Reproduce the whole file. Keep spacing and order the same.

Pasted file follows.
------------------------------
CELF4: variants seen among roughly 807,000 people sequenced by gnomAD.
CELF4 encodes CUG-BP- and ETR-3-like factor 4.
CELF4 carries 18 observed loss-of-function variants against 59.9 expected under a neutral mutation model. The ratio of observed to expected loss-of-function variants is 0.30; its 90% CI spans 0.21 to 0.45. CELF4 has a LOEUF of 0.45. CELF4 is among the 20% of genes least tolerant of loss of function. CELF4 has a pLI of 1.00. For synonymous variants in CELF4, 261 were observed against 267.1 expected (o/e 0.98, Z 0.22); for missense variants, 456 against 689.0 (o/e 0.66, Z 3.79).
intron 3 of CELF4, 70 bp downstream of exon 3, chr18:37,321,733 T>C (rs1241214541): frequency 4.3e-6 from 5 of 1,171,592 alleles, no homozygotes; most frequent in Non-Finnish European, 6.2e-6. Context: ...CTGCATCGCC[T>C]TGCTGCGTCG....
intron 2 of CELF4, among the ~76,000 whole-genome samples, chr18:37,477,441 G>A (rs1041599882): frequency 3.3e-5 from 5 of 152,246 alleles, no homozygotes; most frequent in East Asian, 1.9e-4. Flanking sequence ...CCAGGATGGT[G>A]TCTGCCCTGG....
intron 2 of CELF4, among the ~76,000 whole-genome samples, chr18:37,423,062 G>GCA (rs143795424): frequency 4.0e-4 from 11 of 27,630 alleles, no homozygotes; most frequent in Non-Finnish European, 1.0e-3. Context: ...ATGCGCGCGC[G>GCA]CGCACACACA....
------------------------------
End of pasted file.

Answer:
CELF4: variants seen among roughly 807,000 people sequenced by gnomAD.
CELF4 encodes CUG-BP- and ETR-3-like factor 4.
CELF4 carries 18 observed loss-of-function variants against 59.9 expected under a neutral mutation model. The ratio of observed to expected loss-of-function variants is 0.30; its 90% CI spans 0.21 to 0.45. CELF4 has a LOEUF of 0.45. CELF4 is among the 20% of genes least tolerant of loss of function. CELF4 has a pLI of 1.00. For synonymous variants in CELF4, 261 were observed against 267.1 expected (o/e 0.98, Z 0.22); for missense variants, 456 against 689.0 (o/e 0.66, Z 3.79).
intron 3 of CELF4, 70 bp downstream of exon 3, chr18:37,321,733 T>C (rs1241214541): frequency 4.3e-6 from 5 of 1,171,592 alleles, no homozygotes; most frequent in Non-Finnish European, 6.2e-6. Context: ...CTGCATCGCC[T>C]TGCTGCGTCG....
intron 2 of CELF4, among the ~76,000 whole-genome samples, chr18:37,477,441 G>A (rs1041599882): frequency 3.3e-5 from 5 of 152,246 alleles, no homozygotes; most frequent in East Asian, 1.9e-4. Flanking sequence ...CCAGGATGGT[G>A]TCTGCCCTGG....
intron 2 of CELF4, among the ~76,000 whole-genome samples, chr18:37,423,062 G>GCA (rs143795424): frequency 4.0e-4 from 11 of 27,630 alleles, no homozygotes; most frequent in Non-Finnish European, 1.0e-3. Context: ...ATGCGCGCGC[G>GCA]CGCACACACA....